Albany's budget was unveiled Tuesday and according to Mayor Jennings, the city is "safer, cleaner and more economically vibrant." YNN's Karen Tararache has the details on what will change and what won't for residents and the workforce this coming year.
ALBANY, N.Y. -- Mayor Jerry Jennings unveiled his final budget proposal. Twenty years after his first, he praised the city's revitalization projects over the past year.
Jennings said, "Soon there will be a first class new hotel at the historic DeWitt Clinton and our successful efforts to save Wellington Row will pay off as these historic buildings begin to be revitalized into commercial, retail and residential use."
He then admitted that if New York State assisted with aid proportionate to that of other cities, Albany would be getting an additional $35 million a year.
"If we were getting what Buffalo is getting alone, what are they about 500 per capital, we're at 127 and that's without the 19, but if there was an equitable way for them to make decisions we wouldn't be in this situation."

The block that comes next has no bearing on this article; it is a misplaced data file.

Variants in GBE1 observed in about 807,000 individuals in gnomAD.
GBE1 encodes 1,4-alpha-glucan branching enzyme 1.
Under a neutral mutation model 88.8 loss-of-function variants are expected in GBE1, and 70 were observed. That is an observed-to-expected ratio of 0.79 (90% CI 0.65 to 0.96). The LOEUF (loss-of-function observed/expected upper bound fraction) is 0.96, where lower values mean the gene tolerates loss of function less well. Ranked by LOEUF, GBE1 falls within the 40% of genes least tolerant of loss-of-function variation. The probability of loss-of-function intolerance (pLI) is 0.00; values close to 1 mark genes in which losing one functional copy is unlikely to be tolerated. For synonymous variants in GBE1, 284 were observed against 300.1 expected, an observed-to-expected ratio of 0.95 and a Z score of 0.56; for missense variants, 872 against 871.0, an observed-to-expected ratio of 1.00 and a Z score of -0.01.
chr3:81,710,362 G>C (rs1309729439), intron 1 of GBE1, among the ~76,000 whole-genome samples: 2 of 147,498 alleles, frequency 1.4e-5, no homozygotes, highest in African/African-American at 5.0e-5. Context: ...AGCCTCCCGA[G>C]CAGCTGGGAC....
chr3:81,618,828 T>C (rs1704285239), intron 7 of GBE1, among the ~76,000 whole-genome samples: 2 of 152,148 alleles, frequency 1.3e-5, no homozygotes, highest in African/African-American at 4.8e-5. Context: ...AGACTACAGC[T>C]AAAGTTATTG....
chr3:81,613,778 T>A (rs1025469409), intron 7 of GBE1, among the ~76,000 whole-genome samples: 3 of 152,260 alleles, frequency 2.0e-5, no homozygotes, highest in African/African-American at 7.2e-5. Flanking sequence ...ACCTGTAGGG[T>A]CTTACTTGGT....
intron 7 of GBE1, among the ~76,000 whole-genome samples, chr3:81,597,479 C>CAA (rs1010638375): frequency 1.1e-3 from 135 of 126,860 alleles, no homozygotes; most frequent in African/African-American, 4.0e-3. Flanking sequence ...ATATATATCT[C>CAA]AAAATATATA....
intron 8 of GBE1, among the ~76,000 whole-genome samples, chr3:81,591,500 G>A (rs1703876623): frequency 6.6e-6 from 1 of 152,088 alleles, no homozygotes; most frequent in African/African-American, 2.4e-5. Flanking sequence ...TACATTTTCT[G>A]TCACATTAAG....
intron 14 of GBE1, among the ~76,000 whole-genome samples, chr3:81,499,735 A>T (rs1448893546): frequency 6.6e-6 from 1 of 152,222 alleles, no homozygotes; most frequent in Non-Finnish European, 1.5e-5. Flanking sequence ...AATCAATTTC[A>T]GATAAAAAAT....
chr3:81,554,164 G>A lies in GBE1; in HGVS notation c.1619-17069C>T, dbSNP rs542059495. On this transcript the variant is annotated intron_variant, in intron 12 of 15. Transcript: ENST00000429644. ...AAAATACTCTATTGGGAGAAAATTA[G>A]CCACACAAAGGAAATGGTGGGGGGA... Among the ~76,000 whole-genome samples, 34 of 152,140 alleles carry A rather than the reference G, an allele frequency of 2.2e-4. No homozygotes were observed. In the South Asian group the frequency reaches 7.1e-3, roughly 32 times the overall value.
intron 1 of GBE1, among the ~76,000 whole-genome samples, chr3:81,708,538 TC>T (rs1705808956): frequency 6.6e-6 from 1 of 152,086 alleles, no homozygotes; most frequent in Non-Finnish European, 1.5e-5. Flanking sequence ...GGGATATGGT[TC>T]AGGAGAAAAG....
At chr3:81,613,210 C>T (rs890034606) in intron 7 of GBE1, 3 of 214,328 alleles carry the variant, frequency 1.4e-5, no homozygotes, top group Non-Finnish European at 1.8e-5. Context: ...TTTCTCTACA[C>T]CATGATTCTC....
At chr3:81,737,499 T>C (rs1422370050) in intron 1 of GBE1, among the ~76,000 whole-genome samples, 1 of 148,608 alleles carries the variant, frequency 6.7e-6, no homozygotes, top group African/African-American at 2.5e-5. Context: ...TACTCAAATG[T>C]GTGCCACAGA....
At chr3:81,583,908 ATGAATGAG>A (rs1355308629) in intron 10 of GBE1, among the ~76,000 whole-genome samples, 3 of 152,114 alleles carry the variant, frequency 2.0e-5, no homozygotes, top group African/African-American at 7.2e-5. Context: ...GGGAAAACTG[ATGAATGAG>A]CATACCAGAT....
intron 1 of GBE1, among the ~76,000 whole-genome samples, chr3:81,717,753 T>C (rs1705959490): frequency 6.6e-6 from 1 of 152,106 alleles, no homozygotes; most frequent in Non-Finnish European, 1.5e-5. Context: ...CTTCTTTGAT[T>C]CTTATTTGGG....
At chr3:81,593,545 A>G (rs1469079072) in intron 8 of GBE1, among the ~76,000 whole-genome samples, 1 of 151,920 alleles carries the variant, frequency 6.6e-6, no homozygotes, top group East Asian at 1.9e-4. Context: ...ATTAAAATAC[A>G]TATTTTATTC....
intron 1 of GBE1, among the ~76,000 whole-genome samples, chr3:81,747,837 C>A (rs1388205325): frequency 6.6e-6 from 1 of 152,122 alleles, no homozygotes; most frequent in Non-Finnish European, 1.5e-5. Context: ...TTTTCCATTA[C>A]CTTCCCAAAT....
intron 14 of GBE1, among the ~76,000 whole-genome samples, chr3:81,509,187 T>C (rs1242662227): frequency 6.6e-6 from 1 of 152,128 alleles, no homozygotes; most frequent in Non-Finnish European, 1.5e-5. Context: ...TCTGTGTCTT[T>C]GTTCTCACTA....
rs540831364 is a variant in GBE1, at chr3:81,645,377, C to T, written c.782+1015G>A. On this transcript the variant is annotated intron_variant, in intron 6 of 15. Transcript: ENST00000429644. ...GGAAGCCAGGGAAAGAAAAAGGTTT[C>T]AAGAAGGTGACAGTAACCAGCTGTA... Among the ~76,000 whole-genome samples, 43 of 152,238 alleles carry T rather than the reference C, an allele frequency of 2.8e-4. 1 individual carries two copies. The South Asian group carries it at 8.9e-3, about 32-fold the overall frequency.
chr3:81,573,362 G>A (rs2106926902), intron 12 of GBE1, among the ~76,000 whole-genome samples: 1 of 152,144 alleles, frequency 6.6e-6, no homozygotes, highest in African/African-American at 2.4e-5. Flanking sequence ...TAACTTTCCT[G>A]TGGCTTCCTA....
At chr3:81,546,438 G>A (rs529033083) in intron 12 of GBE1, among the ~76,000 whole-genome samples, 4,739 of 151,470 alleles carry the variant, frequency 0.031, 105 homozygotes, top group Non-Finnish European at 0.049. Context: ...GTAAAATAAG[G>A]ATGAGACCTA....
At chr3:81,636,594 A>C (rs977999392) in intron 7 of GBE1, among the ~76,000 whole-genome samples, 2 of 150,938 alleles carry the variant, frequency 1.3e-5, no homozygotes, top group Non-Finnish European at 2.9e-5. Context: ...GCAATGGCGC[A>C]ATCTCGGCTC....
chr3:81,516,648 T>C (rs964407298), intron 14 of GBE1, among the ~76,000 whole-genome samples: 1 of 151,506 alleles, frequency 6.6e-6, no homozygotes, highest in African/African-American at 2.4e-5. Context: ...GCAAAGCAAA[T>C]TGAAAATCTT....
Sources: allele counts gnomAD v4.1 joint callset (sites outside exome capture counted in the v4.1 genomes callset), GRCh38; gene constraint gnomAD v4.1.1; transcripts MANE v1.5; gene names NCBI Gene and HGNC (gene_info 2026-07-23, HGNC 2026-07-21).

Last year, Governor Andrew Cuomo allotted what are called "spin up" payments, which brought the city's funding to $22.85 million. This year, Mayor Jennings announced those payments will return to a $15 million budget, meaning a revenue loss of $7.85 million.
"So instead of extensive personnel cuts, which I believe would be detrimental to the vital services we provide, I have proposed no raises for our workforce," Jennings said.
So no salary increase, but instead, he proposed a four percent tax increase to commercial property owners.
"Homeowners will not be asked to contribute any more money, any more of a tax increase and that's a real good way to say thank you."
After calculating the cities revenues and subtracting its expenditures, a little over $8 million is left in fund balance. It's a number the mayor is comfortable serving his final term with.
"It's a healthy budget. It does not compromise any of the services we have here," he said.